Monthly Archive: February 2008

Pancake Twist

The kids love pancakes, and they’re an inexpensive, easy meal, not driven out of line even by the addition of scrambled eggs with ham and cheese.

I bought a bag of corn flour a while back, and haven’t used it for anything except as a substitute for part of the white flour in a banana bread. That I won’t do again, as I thought it detracted, rather than added. Then again, the bit of the banana bread we made into French toast may have been enhanced by it.

A few days ago, pancakes it was, and for us that means Bisquick. I’d like to test making scratch pancakes sometime, but Bisquick is convenient and tasty.

The recipe calls for two cups of Bisquick. I used under two cups, but added an ambiguous somewhere between 1/8 and 1/4 cup of the corn flour. The total was somewhere between an even two cups, and a little below.

The corn flour was not overt in the resulting pancakes, but the batter was thinner than normal, without adding extra milk as I usually have to do. It also seemed to affect in a subtle, positive way how they “tanned” in cooking. They were tasty, perhaps subtly less cakey.

I’d absolutely do that again. I also wouldn’t mind making my own corn pancakes

, as opposed to using Jiffy corn muffin mix. I figure follow a recipe for scratch pancakes, which I could probably guess at edibly enough if I were stuck without access to a recipe, but use half or more corn flour mixed with white flour.

Anyway, I just thought to mention it. I have a backlog of stuff to post here, though I won’t generate much new until we are financially more stable. There’s only so much I could post about cooking on the cheap, before I start trying things I’ve not made and perhaps not wanted or been able to afford before, let alone now.

Pilaf Experiment

We love chicken Rice-a-Roni, and usually eat it as part of a periodic meat-free supper, which gives us variety and saves a little money. Well, until we’re so broke that Rice-a-Roni is a luxury versus, say, plain rice.

I’d realized recently that I could probably make something vaguely like Rice-a-Roni myself. I don’t know exactly what they use for flavorings, apart from obviously chicken, and I’m pretty sure there’s salt, saffron and sage in there. Chicken seasoning, generally. I may even be wrong about the saffron, and I certainly can’t replicate that as I have yet to spend the $21 required to buy some at Wal-Mart.

Most of the time I will search online for recipes to examine and, if not follow, source for ideas. I didn’t do that. Deb had suggested breaking up spaghetti into tiny pieces for the pasta component. We had some we were given that looked thinner than the store brand we usually buy, so I used that, ultimately cutting little bits off a few strands at a time with kitchen shears. Worked well, aiming them into a cup, with just a few jumpers.

I used almost a cup and a half of white rice. Someone in the family gave us a 10 lb bag of Goya brand. Usually we buy and use brown rice, but it’s nice to have both available, with white being better for this. To that I added a quarter cup or so of pasta bits. The proportion looked remarkably like Rice-a-Roni, so I figured I was on the right track.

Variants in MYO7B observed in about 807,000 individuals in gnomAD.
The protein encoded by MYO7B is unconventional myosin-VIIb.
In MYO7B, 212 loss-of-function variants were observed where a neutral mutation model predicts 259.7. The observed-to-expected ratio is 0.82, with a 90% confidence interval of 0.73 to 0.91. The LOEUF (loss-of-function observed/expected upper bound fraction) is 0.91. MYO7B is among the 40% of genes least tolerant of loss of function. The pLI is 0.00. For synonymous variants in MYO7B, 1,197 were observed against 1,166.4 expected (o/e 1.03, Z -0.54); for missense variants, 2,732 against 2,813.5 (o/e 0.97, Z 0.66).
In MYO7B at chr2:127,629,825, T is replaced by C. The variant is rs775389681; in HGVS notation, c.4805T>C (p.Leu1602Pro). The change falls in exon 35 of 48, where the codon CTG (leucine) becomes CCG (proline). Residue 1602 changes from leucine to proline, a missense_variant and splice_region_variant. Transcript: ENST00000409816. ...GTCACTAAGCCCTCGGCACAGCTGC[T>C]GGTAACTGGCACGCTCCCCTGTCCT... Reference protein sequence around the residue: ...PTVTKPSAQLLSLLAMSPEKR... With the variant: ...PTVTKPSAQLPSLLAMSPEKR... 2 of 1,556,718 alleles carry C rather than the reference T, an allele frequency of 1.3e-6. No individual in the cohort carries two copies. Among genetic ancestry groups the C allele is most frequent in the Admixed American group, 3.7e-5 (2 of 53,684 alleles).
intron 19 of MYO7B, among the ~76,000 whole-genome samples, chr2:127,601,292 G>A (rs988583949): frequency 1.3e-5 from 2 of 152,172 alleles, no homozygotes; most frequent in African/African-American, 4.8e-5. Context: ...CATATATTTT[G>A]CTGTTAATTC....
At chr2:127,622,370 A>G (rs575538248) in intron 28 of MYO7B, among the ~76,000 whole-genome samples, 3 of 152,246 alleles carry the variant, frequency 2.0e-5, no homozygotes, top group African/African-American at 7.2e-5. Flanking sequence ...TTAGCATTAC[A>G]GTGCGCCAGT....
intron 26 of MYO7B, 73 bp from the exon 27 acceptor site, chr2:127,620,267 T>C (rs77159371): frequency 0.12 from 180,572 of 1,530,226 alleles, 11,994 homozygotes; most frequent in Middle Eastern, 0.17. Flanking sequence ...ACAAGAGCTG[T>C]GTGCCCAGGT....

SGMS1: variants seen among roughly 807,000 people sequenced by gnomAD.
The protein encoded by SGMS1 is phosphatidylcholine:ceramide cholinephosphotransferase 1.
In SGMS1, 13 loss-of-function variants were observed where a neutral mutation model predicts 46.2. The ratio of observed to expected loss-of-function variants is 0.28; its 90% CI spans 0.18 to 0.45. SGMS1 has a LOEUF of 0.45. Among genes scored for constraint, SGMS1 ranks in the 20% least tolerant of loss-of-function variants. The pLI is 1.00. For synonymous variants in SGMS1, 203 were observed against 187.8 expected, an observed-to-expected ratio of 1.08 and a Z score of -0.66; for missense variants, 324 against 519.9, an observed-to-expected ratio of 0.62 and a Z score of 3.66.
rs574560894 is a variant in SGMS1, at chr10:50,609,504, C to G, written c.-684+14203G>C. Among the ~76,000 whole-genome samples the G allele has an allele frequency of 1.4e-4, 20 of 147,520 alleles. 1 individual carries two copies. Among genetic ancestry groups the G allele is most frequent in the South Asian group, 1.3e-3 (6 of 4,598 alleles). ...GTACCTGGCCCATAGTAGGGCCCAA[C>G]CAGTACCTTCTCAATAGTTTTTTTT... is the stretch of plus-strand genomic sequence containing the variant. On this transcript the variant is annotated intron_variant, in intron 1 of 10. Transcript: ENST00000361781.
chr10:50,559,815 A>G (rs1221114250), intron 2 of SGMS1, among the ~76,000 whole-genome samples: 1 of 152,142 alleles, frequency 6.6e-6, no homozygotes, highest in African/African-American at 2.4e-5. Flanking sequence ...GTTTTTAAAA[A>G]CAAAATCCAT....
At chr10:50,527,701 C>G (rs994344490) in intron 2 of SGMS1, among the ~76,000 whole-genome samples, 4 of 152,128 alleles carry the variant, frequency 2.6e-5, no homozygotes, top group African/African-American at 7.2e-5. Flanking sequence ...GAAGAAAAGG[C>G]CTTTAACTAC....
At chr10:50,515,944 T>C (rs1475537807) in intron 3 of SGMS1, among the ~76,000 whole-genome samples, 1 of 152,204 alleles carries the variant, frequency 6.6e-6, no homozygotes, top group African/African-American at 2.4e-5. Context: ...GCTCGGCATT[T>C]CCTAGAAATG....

In the meantime, I had put a cup of water in the microwave for a couple minutes, then dropped a bullion cube into it. In practice the dish needed two, so next time I would add the second one up front.

To the water I also added seasonings. Mainly I wanted any that would benefit from softening and releasing flavor in the water, like celery flakes, but for convenience I ended up putting all of in there. I was conservative with everything except the turmeric, and that wasn’t intentional. It was mainly for color, but the flavor worked, as long as it wasn’t all you could taste, which is why I ended up with the second bullion cube. Which was still a good idea, based on volume. I also added white pepper, rosemary, savory, poultry seasoning, lots of (powdered) sage, and tiny bits of crushed bay leaf, oregano, cumin, marjoram, and probably something I’m forgetting. Plus salt, which feels weird because I seldom use it, and at that I didn’t use much.

I followed the standard procedure, as if it were an oversized box of Rice-a-Roni. Three tablespoons of butter, melted in a frying pan that has a cover, then the rice and pasta tossed in and swished around to get coated with butter, stirring periodically until a lot of the pasta picked up a tan.

Then I poured in the cup of seasoned broth, and added about two more cups of water. It looked like it was going to run low later, so I added a quarter or so more. Rice cooking proportions, basically.

In this instance I added a bullion cube to the pan while there was still substantial water, after I realized I needed more, and I sprinkled on more poultry seasoning, sage, and rosemary to help enhance and balance the expected flavor. Mostly, though, I simmered and stirred until done, exactly as if it were Rice-a-Roni. Our poor high-sided frying pan has seen better days, so I have to watch it or it sticks badly in the middle, closest to the heat, where the coating gets mosts stressed.

It was beautiful to look at, nice and fluffy. Everyone loved it, but it was extremely mild in flavor. You knew you weren’t eating Just Rice, but it could have stood up to a lot more herbification. Now I’m eager to experiment. I can picture how I would improve on it, modify it, even make completely alternate varieties, like beef.

We ate it with a giant butternut squash, which was tasty and added heft to the meal, and green beans, which the kids – well, Valerie – ate better than I’d expected. Excellent combo.